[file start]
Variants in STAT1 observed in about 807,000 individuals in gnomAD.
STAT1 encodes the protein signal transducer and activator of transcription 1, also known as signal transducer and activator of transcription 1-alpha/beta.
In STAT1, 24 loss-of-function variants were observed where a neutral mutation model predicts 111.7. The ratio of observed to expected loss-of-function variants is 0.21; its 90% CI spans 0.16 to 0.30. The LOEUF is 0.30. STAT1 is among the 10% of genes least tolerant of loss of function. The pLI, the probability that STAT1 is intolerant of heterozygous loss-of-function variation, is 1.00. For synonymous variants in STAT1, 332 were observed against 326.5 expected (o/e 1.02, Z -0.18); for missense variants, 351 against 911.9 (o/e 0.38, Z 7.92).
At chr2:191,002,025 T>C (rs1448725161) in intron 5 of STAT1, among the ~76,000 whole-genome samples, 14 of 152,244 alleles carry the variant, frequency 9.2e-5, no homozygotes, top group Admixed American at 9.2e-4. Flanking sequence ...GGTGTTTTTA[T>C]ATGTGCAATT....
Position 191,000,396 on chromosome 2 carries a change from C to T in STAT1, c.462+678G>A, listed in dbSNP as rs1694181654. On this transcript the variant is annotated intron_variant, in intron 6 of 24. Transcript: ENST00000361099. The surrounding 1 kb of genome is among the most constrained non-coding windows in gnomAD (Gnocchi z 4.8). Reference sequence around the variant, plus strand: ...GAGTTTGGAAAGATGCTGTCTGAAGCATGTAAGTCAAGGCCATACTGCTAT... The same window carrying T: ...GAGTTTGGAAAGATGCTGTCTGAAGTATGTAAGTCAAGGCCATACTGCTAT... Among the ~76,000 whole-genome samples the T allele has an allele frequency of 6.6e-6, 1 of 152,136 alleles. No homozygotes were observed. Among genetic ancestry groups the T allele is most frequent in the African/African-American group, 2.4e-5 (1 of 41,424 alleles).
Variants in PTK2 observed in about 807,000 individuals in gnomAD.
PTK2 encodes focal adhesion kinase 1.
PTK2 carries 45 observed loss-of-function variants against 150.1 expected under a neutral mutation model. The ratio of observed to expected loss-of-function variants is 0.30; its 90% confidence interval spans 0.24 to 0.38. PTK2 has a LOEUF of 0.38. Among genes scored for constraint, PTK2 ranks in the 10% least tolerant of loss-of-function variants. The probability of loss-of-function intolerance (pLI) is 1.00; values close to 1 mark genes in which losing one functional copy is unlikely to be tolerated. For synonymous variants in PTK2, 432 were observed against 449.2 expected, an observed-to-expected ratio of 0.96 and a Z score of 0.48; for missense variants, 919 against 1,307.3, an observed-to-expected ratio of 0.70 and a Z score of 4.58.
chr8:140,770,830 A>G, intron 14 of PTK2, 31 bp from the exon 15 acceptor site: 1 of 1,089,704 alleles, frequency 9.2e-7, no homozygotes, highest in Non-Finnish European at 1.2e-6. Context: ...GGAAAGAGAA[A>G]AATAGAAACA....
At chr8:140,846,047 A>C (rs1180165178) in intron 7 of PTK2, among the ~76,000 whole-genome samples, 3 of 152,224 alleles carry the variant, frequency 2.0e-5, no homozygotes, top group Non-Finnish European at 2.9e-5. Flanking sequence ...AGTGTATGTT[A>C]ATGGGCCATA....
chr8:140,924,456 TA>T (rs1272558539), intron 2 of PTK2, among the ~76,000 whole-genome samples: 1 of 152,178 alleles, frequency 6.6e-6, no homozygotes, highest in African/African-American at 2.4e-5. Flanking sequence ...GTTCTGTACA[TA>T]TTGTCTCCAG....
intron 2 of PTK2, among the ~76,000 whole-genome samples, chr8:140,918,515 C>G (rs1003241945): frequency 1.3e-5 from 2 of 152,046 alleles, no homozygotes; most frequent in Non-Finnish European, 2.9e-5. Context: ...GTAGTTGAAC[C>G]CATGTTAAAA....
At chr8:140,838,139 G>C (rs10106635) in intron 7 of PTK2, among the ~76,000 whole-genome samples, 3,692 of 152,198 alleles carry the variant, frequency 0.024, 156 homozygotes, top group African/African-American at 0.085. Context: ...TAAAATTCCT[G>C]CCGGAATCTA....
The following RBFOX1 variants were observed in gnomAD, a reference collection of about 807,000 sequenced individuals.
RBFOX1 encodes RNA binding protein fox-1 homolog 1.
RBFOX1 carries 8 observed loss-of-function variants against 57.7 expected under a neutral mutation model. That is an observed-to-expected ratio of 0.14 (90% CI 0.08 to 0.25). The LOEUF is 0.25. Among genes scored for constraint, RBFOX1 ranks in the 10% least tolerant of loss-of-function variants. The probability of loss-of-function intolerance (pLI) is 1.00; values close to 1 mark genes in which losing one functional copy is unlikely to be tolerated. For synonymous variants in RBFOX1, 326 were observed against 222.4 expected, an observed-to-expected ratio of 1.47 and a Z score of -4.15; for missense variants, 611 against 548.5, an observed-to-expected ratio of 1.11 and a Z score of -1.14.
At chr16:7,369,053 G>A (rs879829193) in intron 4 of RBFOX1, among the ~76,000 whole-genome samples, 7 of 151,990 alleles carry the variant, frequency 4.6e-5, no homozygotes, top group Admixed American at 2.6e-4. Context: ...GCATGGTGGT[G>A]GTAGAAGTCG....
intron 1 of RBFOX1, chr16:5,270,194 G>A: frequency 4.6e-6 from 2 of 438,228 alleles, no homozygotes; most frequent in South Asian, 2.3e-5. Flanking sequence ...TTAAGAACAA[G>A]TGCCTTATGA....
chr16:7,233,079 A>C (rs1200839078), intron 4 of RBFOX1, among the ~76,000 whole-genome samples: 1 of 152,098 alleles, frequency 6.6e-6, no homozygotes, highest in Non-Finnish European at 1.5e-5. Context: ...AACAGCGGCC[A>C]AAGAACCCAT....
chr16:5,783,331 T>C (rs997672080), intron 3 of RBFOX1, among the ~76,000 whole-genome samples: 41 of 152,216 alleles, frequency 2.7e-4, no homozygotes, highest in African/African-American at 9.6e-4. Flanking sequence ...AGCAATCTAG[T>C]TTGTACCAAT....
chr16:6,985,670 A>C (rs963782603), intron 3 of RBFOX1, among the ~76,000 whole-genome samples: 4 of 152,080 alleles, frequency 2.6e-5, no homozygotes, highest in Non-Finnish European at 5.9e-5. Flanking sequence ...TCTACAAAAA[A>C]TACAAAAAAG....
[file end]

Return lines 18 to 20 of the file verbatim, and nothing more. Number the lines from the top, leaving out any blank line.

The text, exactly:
intron 1 of RBFOX1, chr16:5,270,194 G>A: frequency 4.6e-6 from 2 of 438,228 alleles, no homozygotes; most frequent in South Asian, 2.3e-5. Flanking sequence ...TTAAGAACAA[G>A]TGCCTTATGA....
chr16:7,233,079 A>C (rs1200839078), intron 4 of RBFOX1, among the ~76,000 whole-genome samples: 1 of 152,098 alleles, frequency 6.6e-6, no homozygotes, highest in Non-Finnish European at 1.5e-5. Context: ...AACAGCGGCC[A>C]AAGAACCCAT....
chr16:5,783,331 T>C (rs997672080), intron 3 of RBFOX1, among the ~76,000 whole-genome samples: 41 of 152,216 alleles, frequency 2.7e-4, no homozygotes, highest in African/African-American at 9.6e-4. Flanking sequence ...AGCAATCTAG[T>C]TTGTACCAAT....